More recently, Chen et al. found, in patients with PTA, a prevalence of intracranial aneurysms in 16% using MRA.[ 10 ] On the contrary, Cloft et al. and O'uchi and O'uchi, in their respective studies have established a prevalence of aneurysms in this group between 3% and 4.2%, which is very similar to the general population.[ 8 34 ]

Saccular and fusiform aneurysms arising from the ICA segment where the PTA arises have also been described and successfully treated by endovascular coiling or microsurgical clipping.[ 1 22 48 58 61 ] Ruptures of such aneurysms have presented as spontaneous PTA to cavernous sinus fistula and have been treated with an endovascular approach.[ 3 9 19 20 50 59 62 ] Therapeutically, the PTA could provide an alternative endovascular approach to the posterior circulation, especially in some cases where the vertebral or basilar arteries are hypoplastic or compressed and do not permit catheter advancement. For example, Schlamann for treating an acutely ruptured, wide-necked aneurysm of the posterior cerebral artery in a patient with a hypoplastic vertebral artery on one side and tumor compression of the contralateral vertebral artery.[ 45 ] Arteriovenous malformations in the septum pellucidum and corpus callosum have been reported in conjunction with a PTA.[ 33 49 ]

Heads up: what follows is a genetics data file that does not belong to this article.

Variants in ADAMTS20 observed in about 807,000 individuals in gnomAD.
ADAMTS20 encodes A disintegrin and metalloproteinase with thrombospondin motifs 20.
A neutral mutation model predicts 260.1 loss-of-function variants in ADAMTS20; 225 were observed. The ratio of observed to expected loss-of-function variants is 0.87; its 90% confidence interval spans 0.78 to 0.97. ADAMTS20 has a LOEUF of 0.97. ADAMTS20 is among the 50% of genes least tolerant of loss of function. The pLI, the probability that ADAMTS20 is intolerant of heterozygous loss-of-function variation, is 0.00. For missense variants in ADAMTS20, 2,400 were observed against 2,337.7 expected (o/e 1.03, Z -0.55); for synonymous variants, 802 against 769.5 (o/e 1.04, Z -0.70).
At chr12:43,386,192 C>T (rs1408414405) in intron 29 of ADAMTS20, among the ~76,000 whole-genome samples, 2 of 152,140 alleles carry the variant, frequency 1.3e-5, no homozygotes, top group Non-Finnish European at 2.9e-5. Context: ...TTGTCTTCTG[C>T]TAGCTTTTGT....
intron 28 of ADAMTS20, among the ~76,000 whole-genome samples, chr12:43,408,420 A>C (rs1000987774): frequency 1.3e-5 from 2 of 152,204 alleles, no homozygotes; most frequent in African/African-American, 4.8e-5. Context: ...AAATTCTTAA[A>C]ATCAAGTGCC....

Along its extradural or intradural course, PTA is intimately related with the medial surface of branches of the trigeminal nerve or with its ganglion, which provides a situation for potential neurovascular conflict.[ 11 60 ] Using MRA, de Bondt et al. evaluated 136 patients diagnosed trigeminal neuralgia and found a PTA on the same side of the neuropathic pain in three, which corresponds to a prevalence of 2.2% and this is higher than in the general population.[ 12 ]Similarly, the close anatomical relationships of the PTA with the oculomotor, abducens, and trochlear nerves may explain cases of ophthalmoparesis in the presence of a PTA.[ 7 38 ] Such deficits may be persistent or intermittent and the abducens nerve is the most commonly affected, probably due to the higher relative frequency of a lateral variant of the PTA, which pierces the dura mater below the petroclinoid ligament, just superior to the entry of the abducens nerve into Dorello's canal Figure 3 ].[ 23 ] Parkinson and Shields identified a PTA at autopsy where the cavernous segment of the abducens nerve coursed below the abducens nerve, which it slightly elevated along its course.[ 39 ] However, no abducens nerve palsy was recognized premortem. The oculomotor nerve enters the cavernous sinus via the posterior portion of its roof and could be compressed especially bymedial variants of a PTA. Bosco et al. reported a patient with complete oculomotor nerve palsy with PTA dolichoectasia.[ 6 ] Likewise, Lee et al. reported a case of PTA with transient pupil sparing oculomotor nerve palsy associated with hypertensive crisis that resolved following hypertension control.[ 31 ] Merry and Jamieson reported a patient with facial pain and diplopia who was found to have an ipsilateral PTA. The trigeminal and abducens nerves were found to be compressed and following decompression, her facial pain more or less resolved. Over 4 months, her diplopia improved.[ 32 ] Tschabitscher and Perneczky have stated that the PTA is located superior to the oculomotor, trochlear, and abducens nerves, and is medial to the ophthalmic part of the trigeminal nerve.[ 51 ] Silver and Wilkins have depicted the oculomotor, trochlear, and abducens nerves as coursing inferior to the PTA.[ 46 ] The third, fourth and sixth cranial nerves have been compressed with resultant paresis in some patients with a PTA. After branching from the posteromedial aspect of the intracavernous ICA, the medial type PTA closely surrounds the pituitary gland and could exert compression on its stalk resulting in hormonal disturbances that may produce hyperprolactinemia due to stalk effect, to complete hypopituitarism.[ 15 54 ] Moreover, during the planning of surgical approaches to the skull base, it is important to evaluate the vascular anatomy of the sellar and parasellar regions, searching for PTA. The unnoticed presence of a PTA may result in disastrous outcomes following approaches to the sellar or parasellar regions, the cavernous sinus or Gasserian ganglion.[ 4 13 47 53 ]